Arab League discusses filing UN complaint on Al-Aqsa violations
Published Wednesday 26/02/2014 21:38
CAIRO (Ma'an) -- The Arab League permanent representatives' emergency session discussed on Wednesday the possibility of filing a complaint to the UN Security Council regarding recent Israeli attacks on the Al-Aqsa compound in East Jerusalem.
The discussion comes amid a controversial Israeli Knesset discussion about extending Israeli sovereignty over the compound, which is holy to both Muslims and Jews but as part of the 1994 peace agreement with Jordan is under Jordanian custodianship.
The Arab League council called upon the Organization of Islamic Cooperation to spread awareness regarding the dangers threatening the compound in order to gain support for the complaint.
The council also called upon the EU, major powers, and UNESCO to take responsibility in Jerusalem and to protect Islamic and Christian holy sites from Israeli threats.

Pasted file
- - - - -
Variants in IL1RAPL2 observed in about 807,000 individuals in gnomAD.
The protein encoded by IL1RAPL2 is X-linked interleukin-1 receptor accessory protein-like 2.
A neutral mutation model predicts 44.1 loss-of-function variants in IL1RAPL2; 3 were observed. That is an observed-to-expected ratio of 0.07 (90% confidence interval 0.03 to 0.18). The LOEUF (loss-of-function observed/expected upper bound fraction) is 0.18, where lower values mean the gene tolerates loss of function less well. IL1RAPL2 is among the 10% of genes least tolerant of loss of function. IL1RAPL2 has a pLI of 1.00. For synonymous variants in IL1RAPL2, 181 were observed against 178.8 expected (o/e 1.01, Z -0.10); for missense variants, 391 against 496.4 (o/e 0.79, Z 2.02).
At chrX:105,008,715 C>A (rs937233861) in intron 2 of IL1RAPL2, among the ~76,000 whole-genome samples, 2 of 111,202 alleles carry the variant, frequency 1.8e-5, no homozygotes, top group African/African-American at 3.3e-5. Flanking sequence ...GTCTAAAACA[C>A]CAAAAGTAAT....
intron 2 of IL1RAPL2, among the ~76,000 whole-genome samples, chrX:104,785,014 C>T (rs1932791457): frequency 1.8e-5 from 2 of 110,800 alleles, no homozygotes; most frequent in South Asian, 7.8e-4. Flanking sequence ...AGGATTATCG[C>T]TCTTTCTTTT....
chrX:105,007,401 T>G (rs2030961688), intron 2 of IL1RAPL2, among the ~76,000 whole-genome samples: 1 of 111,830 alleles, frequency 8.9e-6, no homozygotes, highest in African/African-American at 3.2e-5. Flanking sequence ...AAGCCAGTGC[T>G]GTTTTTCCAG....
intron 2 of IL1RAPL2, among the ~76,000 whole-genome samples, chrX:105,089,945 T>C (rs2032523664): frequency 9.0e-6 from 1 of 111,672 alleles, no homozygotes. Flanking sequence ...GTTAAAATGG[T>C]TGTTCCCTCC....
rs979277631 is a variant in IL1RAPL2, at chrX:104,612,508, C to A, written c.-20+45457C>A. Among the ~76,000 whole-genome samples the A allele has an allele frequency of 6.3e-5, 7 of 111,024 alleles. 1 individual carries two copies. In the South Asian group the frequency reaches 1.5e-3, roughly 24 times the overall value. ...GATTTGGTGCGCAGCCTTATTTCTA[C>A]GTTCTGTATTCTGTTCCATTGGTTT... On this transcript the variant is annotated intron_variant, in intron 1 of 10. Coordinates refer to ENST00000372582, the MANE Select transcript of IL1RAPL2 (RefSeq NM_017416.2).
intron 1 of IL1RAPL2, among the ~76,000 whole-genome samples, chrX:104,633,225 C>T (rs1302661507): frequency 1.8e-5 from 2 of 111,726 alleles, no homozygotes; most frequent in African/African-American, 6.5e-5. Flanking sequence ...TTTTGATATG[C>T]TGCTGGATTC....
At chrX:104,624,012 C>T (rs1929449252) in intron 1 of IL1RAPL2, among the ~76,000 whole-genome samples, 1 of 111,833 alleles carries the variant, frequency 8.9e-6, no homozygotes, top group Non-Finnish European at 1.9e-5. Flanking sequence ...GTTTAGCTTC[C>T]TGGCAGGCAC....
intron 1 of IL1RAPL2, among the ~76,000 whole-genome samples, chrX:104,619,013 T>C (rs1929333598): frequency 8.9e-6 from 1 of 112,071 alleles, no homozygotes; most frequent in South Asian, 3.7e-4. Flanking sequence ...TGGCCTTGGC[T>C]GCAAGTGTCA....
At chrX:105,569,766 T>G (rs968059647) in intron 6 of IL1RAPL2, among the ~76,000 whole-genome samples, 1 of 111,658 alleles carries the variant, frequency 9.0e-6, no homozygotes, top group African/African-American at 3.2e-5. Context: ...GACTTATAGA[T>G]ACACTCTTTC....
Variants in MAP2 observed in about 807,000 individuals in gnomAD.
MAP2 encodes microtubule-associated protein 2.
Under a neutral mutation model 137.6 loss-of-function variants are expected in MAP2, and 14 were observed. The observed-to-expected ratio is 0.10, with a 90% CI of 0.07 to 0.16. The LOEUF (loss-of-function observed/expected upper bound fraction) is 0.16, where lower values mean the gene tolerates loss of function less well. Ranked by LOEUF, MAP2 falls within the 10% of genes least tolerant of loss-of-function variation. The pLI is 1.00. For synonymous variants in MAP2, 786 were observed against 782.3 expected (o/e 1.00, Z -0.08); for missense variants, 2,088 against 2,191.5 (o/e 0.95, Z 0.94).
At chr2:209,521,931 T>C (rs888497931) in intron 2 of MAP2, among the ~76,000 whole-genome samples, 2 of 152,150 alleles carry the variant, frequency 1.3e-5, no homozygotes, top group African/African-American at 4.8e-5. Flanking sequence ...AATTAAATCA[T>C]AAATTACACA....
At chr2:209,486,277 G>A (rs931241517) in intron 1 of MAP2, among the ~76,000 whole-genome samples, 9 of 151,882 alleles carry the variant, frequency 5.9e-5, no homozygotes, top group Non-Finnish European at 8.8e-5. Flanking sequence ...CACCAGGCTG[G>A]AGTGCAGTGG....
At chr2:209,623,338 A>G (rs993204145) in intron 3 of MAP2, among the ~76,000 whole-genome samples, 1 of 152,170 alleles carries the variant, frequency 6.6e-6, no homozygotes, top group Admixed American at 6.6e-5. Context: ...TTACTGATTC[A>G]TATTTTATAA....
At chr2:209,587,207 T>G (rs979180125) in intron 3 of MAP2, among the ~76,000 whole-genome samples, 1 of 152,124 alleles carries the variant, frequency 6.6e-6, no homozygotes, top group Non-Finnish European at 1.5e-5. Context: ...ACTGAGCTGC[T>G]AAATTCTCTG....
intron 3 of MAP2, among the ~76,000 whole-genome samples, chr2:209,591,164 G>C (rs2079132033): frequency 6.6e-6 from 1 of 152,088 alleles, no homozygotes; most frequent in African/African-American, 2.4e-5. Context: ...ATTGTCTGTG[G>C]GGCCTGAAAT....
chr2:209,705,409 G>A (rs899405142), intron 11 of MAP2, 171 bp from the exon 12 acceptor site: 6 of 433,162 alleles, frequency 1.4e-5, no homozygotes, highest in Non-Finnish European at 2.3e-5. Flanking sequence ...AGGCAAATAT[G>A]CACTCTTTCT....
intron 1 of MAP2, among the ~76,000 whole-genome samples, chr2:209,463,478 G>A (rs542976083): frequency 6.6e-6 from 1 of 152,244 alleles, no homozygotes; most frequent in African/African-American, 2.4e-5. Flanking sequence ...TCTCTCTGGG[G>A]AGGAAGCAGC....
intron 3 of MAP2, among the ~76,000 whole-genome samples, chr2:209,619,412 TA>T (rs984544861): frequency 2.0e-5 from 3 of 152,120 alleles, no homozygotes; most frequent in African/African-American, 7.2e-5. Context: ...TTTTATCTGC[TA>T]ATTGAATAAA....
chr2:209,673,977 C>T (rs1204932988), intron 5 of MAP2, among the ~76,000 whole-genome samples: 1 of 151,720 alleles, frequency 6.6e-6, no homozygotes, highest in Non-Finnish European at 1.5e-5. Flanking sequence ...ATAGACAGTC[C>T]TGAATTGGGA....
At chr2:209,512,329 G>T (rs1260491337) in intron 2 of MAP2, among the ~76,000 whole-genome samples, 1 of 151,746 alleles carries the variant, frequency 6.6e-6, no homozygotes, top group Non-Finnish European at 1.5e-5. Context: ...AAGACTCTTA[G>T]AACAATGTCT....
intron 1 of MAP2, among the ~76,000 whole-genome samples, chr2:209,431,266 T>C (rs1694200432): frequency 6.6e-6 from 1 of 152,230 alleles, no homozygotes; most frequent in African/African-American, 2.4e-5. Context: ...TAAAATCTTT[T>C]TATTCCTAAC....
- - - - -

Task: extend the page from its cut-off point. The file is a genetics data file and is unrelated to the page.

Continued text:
The Arab League condemned the continuous Israeli violations of the Al-Aqsa compound, and the recent escalation in incitement to violence and collective raids by Jewish organizations.
Some extremist Jewish organizations have called in the past for the destruction of the Al-Aqsa mosque and the construction of a Jewish temple there.
The League added that there would be no peace without a Palestinian state with East Jerusalem as its capital, and that recent Israeli actions are intended to foil the peace process.
Because of the sensitive nature of the Al-Aqsa compound, Israel maintains a compromise with the Islamic trust that controls it to not allow non-Muslim prayers in the area. Israeli forces regularly escort Jewish visitors to the site, leading to tension with Palestinian worshipers.
The compound, which sits just above the Western Wall plaza, houses both the Dome of the Rock and Al-Aqsa mosque and is the third holiest site in Islam.
It is also venerated as Judaism's most holy place as it sits where Jews believe the First and Second Temples once stood. The Second Temple was destroyed by the Romans in 70 AD.
According to mainstream Jewish religious leaders, Jews are forbidden from entering for fear they would profane the "Holy of Holies," or the inner sanctum of the Second Temple.
Al-Aqsa is located in East Jerusalem, a part of the internationally recognized Palestinian territories that have been occupied by the Israeli military since 1967.